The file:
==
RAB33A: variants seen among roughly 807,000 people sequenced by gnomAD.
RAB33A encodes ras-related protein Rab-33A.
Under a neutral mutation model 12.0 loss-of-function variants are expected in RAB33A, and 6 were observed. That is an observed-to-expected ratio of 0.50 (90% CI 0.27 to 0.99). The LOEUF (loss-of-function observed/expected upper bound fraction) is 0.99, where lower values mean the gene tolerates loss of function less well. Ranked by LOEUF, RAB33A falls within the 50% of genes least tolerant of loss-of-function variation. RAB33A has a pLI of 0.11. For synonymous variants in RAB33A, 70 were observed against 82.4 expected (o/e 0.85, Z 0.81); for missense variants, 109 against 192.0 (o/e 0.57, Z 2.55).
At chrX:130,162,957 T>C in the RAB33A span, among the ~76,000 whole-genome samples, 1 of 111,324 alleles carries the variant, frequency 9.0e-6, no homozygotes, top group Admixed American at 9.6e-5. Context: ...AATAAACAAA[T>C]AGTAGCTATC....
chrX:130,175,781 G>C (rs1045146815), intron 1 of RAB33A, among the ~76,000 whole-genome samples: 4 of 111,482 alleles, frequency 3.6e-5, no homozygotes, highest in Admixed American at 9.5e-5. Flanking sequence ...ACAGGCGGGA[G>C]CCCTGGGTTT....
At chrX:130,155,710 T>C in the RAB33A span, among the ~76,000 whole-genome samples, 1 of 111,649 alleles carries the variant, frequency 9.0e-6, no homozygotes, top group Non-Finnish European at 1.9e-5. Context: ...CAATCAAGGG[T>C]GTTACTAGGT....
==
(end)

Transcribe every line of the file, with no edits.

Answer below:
RAB33A: variants seen among roughly 807,000 people sequenced by gnomAD.
RAB33A encodes ras-related protein Rab-33A.
Under a neutral mutation model 12.0 loss-of-function variants are expected in RAB33A, and 6 were observed. That is an observed-to-expected ratio of 0.50 (90% CI 0.27 to 0.99). The LOEUF (loss-of-function observed/expected upper bound fraction) is 0.99, where lower values mean the gene tolerates loss of function less well. Ranked by LOEUF, RAB33A falls within the 50% of genes least tolerant of loss-of-function variation. RAB33A has a pLI of 0.11. For synonymous variants in RAB33A, 70 were observed against 82.4 expected (o/e 0.85, Z 0.81); for missense variants, 109 against 192.0 (o/e 0.57, Z 2.55).
At chrX:130,162,957 T>C in the RAB33A span, among the ~76,000 whole-genome samples, 1 of 111,324 alleles carries the variant, frequency 9.0e-6, no homozygotes, top group Admixed American at 9.6e-5. Context: ...AATAAACAAA[T>C]AGTAGCTATC....
chrX:130,175,781 G>C (rs1045146815), intron 1 of RAB33A, among the ~76,000 whole-genome samples: 4 of 111,482 alleles, frequency 3.6e-5, no homozygotes, highest in Admixed American at 9.5e-5. Flanking sequence ...ACAGGCGGGA[G>C]CCCTGGGTTT....
At chrX:130,155,710 T>C in the RAB33A span, among the ~76,000 whole-genome samples, 1 of 111,649 alleles carries the variant, frequency 9.0e-6, no homozygotes, top group Non-Finnish European at 1.9e-5. Context: ...CAATCAAGGG[T>C]GTTACTAGGT....